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January 26, 2004, 9:00 AM ET, Alert No. 823.
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Sen. Hatch Announces Amended Version of PACT Act

1/21. Sen. Orrin Hatch (R-UT) spoke in the Senate regarding S 1177, the "Prevent All Cigarette Trafficking (PACT) Act of 2003. The bill would amend the Jenkins Act of 1949, 15 U.S.C. §§ 375-378, to, among other things, expand the reporting requirements of the Act to cover internet sales of cigarettes and smokeless tobacco.

While the Senate passed an earlier version of the bill late last year, Sen. Hatch stated that he now has a "managers amendment" that "makes the PACT Act even stronger". See, Congressional Record, January 21, 2004, at pages S104-5.

Sen. Hatch and Sen. Herb Kohl (D-WI) introduced the S 1177 on June 3, 2003. See, story titled "Senators Introduce Bill to Regulate Internet Cigarette Sales" in TLJ Daily E-Mail Alert No. 675, June 6, 2003.

It was referred to the Senate Judiciary Committee, which amended and approved the bill on July 31, 2003. See, story titled "Senate Judiciary Committee Approves Bill to Regulate Internet Cigarette Sales" in TLJ Daily E-Mail Alert No. 711, August 5, 2003. The full Senate amended and passed the bill on December 9, 2003.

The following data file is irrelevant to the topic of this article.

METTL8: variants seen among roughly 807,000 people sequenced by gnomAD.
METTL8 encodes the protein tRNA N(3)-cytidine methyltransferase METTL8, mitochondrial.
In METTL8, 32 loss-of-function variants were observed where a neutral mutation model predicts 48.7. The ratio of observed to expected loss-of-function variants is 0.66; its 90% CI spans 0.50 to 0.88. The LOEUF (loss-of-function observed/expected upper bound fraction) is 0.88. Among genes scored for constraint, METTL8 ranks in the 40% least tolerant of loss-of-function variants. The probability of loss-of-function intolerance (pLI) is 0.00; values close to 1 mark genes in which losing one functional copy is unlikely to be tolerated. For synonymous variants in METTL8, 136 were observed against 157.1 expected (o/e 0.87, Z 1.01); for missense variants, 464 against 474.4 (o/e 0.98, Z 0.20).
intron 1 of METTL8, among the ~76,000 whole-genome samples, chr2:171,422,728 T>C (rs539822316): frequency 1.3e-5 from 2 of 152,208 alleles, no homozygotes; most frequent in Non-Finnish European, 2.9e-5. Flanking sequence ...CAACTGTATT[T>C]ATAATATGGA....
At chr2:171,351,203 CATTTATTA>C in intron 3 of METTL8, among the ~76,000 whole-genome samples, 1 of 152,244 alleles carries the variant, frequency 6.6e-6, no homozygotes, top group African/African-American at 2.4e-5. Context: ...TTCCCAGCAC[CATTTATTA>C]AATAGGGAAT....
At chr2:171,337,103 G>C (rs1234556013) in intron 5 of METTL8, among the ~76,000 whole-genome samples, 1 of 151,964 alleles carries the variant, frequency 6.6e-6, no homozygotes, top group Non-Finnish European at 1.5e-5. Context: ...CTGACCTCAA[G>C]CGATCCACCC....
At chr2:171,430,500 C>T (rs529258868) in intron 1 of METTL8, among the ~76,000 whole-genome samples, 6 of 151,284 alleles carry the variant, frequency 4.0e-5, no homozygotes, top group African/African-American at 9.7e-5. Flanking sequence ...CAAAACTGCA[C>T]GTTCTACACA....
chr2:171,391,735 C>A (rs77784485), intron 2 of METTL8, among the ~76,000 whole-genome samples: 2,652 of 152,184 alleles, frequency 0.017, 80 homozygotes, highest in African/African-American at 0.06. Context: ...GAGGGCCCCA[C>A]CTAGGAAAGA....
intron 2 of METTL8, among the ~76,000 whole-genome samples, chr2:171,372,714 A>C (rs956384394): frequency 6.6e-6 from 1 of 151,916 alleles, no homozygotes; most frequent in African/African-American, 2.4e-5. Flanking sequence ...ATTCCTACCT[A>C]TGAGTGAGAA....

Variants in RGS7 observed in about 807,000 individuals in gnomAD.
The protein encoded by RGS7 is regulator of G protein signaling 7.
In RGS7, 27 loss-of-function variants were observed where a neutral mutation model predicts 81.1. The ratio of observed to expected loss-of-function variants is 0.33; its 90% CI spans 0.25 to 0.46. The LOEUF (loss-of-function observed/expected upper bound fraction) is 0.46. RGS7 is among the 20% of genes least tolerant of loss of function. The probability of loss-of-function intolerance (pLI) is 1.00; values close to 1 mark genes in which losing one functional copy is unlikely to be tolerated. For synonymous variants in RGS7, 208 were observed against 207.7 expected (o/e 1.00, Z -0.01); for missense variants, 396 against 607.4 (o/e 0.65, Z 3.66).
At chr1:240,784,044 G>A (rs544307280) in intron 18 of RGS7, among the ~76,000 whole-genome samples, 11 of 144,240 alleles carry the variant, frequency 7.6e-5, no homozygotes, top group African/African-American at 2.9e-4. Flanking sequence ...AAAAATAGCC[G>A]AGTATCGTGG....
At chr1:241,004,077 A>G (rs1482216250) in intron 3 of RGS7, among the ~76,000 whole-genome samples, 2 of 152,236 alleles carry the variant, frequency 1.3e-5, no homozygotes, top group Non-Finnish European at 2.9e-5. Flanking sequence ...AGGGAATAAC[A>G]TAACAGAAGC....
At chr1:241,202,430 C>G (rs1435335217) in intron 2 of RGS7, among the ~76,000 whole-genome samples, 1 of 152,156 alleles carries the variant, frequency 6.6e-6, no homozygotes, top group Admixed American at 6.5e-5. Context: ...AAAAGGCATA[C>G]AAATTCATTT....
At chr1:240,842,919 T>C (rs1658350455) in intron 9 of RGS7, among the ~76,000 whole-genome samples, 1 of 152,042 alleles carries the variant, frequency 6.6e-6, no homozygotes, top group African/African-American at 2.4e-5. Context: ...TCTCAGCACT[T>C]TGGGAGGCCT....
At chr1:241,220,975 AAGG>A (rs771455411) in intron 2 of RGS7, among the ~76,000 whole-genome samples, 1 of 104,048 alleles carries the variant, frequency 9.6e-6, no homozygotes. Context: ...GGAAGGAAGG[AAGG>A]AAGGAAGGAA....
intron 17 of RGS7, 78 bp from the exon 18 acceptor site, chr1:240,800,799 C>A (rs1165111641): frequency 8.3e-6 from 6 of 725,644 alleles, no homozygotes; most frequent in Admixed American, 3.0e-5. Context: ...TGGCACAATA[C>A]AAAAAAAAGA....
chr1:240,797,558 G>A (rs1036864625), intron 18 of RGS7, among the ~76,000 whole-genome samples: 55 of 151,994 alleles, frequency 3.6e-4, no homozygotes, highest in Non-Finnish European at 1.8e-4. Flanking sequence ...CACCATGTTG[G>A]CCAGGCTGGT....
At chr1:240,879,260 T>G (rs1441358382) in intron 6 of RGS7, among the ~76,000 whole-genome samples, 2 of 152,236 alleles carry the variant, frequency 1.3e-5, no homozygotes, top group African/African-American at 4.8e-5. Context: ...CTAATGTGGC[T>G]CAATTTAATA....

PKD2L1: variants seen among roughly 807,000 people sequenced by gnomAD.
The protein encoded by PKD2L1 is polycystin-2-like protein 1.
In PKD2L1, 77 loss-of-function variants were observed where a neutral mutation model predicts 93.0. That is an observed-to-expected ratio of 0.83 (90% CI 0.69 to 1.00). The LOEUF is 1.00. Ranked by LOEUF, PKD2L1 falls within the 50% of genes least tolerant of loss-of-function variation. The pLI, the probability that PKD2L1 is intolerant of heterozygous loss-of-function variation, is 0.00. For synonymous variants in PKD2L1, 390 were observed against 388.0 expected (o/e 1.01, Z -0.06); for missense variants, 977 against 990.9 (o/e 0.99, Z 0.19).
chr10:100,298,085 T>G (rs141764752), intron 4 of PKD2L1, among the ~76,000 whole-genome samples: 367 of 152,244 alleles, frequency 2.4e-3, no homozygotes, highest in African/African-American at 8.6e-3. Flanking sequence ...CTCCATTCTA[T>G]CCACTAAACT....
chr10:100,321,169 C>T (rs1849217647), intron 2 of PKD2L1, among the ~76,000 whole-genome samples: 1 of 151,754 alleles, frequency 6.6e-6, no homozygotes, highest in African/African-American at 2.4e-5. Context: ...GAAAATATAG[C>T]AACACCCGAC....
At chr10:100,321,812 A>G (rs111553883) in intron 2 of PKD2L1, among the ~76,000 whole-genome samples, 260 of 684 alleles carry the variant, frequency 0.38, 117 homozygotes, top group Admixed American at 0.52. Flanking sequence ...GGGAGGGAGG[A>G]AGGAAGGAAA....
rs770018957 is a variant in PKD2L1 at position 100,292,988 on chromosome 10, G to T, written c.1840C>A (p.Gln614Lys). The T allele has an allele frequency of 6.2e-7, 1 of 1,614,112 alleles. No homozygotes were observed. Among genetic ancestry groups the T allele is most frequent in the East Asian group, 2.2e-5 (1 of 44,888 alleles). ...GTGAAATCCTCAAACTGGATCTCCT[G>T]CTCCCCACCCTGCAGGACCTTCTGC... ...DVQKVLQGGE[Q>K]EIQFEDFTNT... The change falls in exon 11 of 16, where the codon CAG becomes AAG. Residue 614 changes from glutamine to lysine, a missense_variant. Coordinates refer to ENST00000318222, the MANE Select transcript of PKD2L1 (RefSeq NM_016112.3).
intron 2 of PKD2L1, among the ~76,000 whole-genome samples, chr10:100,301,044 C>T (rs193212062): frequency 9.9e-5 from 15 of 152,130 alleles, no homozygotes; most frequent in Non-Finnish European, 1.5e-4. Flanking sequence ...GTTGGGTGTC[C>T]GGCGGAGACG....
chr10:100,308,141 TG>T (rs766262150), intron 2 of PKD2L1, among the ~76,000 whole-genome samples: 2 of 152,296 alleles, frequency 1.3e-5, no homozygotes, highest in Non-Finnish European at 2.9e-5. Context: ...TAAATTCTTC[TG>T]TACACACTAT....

The Jenkins Act and Internet Sales. The Jenkins Act requires that any person who sells and ships cigarettes across a state line to a buyer, other than a licensed distributor, report the sale to the buyer's state tobacco tax administrator. The rule is significant, because some states impose vastly higher taxes on the sales of cigarettes than others. The Jenkins Act helps states enforce their cigarette tax laws.

Currently, many Internet based cigarette sellers are not reporting sales to state tax administrators. On August 13, 2002, the General Accounting Office (GAO) released a report [60 pages in PDF] titled "Internet Cigarette Sales: Giving ATF Investigative Authority May Improve Reporting and Enforcement". This GAO report identified 147 web site addresses for internet cigarette vendors based in the U.S. It also concluded that most do not comply with the Jenkins Act reporting requirements. See also, story titled "GAO Reports on Internet Cigarette Sales" in TLJ Daily E-Mail Alert No. 491, August 14, 2002.

Sen. Orrin HatchSen. Hatch's Statement. Sen. Hatch (at right) stated on January 21 that "The PACT Act as modified by the manager's amendment also clarifies that the bill will not affect existing tribal compacts relating to tobacco tax collection on tribal lands and allows Native American Tribes to maintain enforcement authority over their own excise tax laws."

He also discussed the basic provisions of the bill. He said that "Internet sales of cigarettes and smokeless tobacco are an impediment States face in their collection of tobacco excise taxes. A recent General Accounting Office report indicates Internet tobacco sellers rarely comply with requirements under the Jenkins Act".